This can be one of the most wonderful, and yet the most stressful, times of year. We love the beautiful decorations and yummy treats, but can get frazzled trying to get everything ready. We reconnect with people we may not see very often, but some of them are people we’d rather not see, like the relative who drives you up the wall. Just biting your tongue to avoid a blowup is stressful.

I offer a few quick tips for handling yourself and others.

  1. Meditate every day, starting now. Don’t wait until Aunt Myrtle arrives and announces that she couldn’t find a pet sitter, so she brought her four cats with her. Regular meditation is like regular physical workouts. When you build up your muscles, they can better protect you in the event of a fall. When you meditate regularly, you build up mental, spiritual and emotional muscle that helps you keep calm and think straight when others throw you a curve.
  2. Remove terms like “have to,” “must” and “need” from your vocabulary, including your head talk. As I explained in Bridges to Consensus, such terms actually weaken us physically.[1] Replace them with more positive language. For example, if you find yourself thinking or saying, “I’ve got to get the turkey today,” change that to “I want to get the turkey today.”

What if you don’t want to do the thing you’re telling yourself you have to do? You might say, “I plan to get the turkey today.”

Also, you can challenge those have-to statements. Do you really have to get the turkey, or could another member of your household get it?

  1. Plan ahead. You know that Uncle Jasper loves to lean on the kitchen counter and talk into a coma. He gets in your way and distracts you. You stress out just remembering how, last year, this caused you to drop a pumpkin pie as you were putting it in the oven. You had to clean up the mess, go to the grocery for more ingredients, then start all over again on another pie.

First, challenge that “had to.” You could have asked Uncle Jasper to clean up the mess. You could have phoned your cousin and asked him to pick up a bakery pie on his way to dinner. You could have decided to forget about pumpkin pie and serve the cookies your neighbor gave you for dessert.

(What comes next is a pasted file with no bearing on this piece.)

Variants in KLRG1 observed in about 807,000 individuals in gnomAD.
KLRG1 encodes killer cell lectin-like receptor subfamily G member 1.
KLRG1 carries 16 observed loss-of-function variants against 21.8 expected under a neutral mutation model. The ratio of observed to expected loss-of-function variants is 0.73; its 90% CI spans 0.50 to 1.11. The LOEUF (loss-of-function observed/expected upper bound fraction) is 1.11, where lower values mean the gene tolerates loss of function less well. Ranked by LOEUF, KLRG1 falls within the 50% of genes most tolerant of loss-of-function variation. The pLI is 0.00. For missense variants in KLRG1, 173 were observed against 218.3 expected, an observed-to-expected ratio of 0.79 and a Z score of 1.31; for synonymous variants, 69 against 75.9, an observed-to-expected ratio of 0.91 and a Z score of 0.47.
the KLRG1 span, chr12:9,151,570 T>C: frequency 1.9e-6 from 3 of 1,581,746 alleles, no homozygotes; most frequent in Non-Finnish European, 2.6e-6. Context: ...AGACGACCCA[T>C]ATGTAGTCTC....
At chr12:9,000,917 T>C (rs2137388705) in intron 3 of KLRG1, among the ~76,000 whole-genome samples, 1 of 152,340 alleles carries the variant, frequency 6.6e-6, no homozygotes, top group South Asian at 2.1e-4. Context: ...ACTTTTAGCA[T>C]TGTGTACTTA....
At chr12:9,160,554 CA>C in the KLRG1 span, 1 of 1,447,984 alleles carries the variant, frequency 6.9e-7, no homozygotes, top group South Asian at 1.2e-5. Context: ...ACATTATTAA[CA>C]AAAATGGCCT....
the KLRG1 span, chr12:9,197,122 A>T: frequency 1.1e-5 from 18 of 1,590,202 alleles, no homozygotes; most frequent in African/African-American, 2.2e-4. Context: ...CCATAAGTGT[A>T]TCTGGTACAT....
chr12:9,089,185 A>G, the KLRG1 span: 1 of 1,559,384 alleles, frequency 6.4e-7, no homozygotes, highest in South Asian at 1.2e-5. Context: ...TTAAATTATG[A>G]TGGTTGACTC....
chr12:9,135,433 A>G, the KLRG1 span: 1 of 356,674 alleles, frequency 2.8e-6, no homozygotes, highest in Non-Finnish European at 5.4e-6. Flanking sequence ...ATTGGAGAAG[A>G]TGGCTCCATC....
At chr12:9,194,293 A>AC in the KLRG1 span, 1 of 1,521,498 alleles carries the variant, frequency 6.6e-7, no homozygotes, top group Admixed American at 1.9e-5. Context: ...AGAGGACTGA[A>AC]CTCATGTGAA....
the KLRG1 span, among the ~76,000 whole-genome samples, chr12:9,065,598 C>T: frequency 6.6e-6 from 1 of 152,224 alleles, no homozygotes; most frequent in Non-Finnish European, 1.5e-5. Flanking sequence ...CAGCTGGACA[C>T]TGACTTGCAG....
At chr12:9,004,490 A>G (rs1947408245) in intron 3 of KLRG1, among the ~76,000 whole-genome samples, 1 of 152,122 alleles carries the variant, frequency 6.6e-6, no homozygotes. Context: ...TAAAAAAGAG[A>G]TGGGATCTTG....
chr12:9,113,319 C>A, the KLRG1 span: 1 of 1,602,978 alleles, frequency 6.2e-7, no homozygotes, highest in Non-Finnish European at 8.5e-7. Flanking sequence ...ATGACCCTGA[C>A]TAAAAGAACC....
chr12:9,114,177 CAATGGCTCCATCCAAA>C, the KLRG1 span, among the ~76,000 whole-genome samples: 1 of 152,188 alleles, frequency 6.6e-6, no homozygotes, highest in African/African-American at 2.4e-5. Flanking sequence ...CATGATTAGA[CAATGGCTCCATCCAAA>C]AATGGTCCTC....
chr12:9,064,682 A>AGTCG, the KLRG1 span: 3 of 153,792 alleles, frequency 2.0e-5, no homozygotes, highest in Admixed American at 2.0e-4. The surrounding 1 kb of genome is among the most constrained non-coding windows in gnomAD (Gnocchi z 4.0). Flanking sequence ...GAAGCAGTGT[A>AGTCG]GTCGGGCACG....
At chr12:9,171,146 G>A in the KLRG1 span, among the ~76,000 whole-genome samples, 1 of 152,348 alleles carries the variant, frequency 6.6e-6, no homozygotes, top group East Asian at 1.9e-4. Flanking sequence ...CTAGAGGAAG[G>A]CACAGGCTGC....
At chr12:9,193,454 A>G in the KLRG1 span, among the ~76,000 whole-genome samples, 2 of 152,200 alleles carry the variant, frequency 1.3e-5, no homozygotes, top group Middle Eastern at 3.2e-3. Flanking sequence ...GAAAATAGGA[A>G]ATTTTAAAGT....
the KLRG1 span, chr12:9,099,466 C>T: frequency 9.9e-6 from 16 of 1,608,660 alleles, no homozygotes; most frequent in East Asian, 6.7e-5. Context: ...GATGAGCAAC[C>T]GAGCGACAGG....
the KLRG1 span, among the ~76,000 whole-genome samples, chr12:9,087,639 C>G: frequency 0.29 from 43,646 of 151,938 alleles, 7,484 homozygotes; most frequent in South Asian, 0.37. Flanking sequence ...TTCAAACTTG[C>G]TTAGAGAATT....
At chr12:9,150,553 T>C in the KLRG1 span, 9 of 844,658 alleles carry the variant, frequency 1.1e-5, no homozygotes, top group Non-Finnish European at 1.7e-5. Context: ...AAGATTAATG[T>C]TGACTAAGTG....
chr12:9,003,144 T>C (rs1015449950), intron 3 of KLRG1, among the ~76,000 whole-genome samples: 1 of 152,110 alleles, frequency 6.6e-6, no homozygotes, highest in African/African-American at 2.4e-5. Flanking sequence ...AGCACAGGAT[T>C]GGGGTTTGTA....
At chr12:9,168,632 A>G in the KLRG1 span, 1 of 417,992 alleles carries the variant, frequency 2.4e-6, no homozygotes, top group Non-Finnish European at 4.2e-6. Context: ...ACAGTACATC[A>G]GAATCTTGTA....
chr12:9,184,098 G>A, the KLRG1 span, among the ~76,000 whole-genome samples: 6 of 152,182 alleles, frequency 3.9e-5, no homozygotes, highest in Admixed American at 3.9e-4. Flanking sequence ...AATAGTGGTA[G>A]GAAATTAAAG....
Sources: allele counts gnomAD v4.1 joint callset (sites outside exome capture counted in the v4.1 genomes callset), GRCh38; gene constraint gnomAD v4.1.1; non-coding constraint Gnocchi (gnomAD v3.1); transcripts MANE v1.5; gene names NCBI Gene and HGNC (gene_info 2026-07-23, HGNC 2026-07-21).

Now, plan ahead. Assign other relatives the job of engaging Uncle Jasper in conversation or activities outside of the kitchen.

Make a backup plan for how you will use your enlightened communication and persuasion skills if Uncle Jasper still gets under your elbows. “Uncle, I really look forward to having a quality conversation with you. Just now, I can’t really take in what you’re saying, nor can I give proper attention to this pie. Would you do me a favor and take the little ones outside to burn off some of their energy? After dinner, you and I will sit down together and have a nice long catch up.”

  1. Take Time Out before Confronting Someone. Suppose you get to the Enough! point. You feel a tirade battering on the roof of your mouth trying to escape. It may well be time to set some boundaries, but setting them with a tirade is the least likely to leave you feeling good afterward and the least likely to set the boundary while saving the relationship.

As part of your planning at Step 3 above, plan a safe haven where you can go to calm down, get your rational mind back in control and think about how to use your best persuasive communication skills to set the boundary. You might arrange with a neighbor to slip next door “to borrow something” if you need to get away from your home turf for awhile.

In your haven, assess your interests. Why do you want to set the boundary? What has held you back until now? Which is more important? Is it better to confront Aunt Myrtle now, or wait for a calmer moment? And how will you express yourself?

Taking time out might make the difference between, “Get those nasty hellcats out of here or I’ll call animal control!” on the one hand, and “Auntie, I can’t cope with all these people and the cats. Here’s the address of a vet who can board them for you while you’re staying here. Or if you feel you need to stay with them at night, here’s a nearby hotel that allows pets,” on the other hand.

Myrtle might get angry no matter what, but the latter way of setting the boundary stands a better chance of maintaining a relationship, while leaving you feeling like a class act, rather than a screaming banshee. You will know that you did your best to accommodate Myrtle to the extent consistent with taking care of yourself.

Many of you have your own tips and techniques for negotiating the holidays. Or you have examples of other situations that can occur. I’d love to see some of them in comments, and I bet other readers would like them as well.

[1] p. 38-9